The United States last week started bombing radical Islamist positions in northern Iraq. But President Barack Obama had barely given the order before pundits began asking about the end game.
That, of course, depends on what America wants to achieve in Iraq, and what U.S. officials think is possible.
For some, mission creep is a key concern. The current campaign has already expanded from sending 300 military advisors into Iraq to missile strikes and supplying Kurdish forces with weapons to combat the Islamic State (formerly known as ISIS or ISIL).
And the president is reportedly considering sending even more advisors.
The stated goal of American strikes was to protect U.S. personnel in the city of Erbil and to provide an escape route for the minority Yazidis who had fled advancing militants from the Islamic State.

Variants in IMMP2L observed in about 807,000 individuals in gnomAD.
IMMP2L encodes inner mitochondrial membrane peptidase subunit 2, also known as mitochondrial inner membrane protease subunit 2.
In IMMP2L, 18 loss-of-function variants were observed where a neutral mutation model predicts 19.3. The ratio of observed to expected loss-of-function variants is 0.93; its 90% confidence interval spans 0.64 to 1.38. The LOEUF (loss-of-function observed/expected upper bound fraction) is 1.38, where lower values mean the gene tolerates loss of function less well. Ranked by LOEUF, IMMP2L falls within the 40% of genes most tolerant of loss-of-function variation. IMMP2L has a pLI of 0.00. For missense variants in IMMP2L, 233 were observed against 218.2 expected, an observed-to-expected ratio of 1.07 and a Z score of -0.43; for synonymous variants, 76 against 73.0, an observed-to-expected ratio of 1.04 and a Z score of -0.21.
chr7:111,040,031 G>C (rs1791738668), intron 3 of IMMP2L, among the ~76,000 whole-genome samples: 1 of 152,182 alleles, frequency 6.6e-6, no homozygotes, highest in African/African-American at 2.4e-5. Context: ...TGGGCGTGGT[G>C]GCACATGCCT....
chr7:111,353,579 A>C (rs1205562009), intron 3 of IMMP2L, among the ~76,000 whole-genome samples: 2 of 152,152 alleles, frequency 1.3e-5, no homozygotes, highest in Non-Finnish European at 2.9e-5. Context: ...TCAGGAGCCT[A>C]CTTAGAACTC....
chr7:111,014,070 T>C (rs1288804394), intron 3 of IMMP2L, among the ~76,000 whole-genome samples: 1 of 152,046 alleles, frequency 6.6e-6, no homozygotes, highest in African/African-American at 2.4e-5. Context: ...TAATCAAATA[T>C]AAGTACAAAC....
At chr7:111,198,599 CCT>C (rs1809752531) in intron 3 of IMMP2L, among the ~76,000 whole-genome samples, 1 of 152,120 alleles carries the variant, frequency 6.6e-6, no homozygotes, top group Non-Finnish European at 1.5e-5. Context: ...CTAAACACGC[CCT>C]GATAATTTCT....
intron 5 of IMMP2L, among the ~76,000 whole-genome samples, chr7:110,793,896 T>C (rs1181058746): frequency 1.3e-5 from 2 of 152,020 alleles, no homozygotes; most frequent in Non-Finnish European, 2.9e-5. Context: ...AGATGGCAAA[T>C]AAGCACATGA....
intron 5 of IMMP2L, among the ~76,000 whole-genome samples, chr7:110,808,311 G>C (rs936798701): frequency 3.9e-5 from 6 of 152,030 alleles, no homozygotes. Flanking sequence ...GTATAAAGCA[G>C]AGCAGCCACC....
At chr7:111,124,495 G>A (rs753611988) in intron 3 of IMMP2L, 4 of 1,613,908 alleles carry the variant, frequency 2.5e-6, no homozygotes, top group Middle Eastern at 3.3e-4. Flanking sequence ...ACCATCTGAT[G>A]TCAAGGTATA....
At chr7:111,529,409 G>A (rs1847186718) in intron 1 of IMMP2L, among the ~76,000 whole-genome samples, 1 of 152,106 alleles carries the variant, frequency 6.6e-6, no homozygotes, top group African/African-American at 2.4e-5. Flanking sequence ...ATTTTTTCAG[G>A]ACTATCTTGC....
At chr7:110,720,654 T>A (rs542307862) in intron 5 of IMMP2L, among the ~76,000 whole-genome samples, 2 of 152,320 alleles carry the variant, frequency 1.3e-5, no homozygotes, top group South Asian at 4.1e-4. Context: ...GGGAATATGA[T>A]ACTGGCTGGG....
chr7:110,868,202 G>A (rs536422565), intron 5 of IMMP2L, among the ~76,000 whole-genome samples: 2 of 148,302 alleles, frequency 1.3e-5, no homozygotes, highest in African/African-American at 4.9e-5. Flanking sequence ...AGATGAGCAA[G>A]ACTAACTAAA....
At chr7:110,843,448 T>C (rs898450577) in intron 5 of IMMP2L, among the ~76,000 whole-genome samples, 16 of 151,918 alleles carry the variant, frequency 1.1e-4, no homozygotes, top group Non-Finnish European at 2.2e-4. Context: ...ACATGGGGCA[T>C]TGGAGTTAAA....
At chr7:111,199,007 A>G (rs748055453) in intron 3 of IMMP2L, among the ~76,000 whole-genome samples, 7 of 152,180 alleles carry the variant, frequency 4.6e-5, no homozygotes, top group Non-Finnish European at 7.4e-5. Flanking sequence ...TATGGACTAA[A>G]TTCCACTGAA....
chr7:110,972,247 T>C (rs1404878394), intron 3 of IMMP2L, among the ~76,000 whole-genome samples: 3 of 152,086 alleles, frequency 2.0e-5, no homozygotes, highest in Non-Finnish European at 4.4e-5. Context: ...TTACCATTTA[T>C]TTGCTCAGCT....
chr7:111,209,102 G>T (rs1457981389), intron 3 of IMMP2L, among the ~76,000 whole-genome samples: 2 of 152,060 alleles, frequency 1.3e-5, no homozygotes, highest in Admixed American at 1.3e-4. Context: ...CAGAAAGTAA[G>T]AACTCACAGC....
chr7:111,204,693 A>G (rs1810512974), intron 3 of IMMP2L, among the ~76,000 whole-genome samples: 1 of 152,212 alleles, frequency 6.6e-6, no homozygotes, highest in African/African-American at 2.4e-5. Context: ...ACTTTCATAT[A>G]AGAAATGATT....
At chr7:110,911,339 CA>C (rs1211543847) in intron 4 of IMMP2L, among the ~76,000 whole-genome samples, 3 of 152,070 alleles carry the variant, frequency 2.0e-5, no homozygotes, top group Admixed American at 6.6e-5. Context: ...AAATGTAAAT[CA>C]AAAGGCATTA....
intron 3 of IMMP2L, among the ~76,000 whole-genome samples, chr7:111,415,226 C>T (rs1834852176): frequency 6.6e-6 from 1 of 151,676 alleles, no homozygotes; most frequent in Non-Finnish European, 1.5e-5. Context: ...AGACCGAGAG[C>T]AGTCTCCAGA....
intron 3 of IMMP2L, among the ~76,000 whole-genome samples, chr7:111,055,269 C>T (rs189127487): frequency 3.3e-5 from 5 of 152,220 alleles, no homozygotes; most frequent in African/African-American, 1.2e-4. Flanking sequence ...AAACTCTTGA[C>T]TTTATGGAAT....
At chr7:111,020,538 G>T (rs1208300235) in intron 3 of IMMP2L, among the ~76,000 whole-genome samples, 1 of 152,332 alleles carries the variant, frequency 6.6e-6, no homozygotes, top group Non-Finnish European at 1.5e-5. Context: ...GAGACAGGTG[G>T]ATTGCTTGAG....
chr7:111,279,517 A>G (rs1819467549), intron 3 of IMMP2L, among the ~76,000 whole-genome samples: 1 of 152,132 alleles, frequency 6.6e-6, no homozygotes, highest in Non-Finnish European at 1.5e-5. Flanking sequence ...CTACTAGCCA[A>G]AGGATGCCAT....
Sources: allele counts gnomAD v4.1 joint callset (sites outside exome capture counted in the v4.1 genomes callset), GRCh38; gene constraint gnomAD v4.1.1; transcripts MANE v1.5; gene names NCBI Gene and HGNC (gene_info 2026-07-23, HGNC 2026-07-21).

Those goals appear largely accomplished. Though the situation of the Yazidis remains desperately dire — the refugees are stranded on a forbidden mountain range with little food or water — for now, at least, the radical fighters can't reach them. Also, U.S. strikes appear to have largely destroyed the militants' artillery positions so they no longer threaten Erbil, the capital of Iraqi Kurdistan.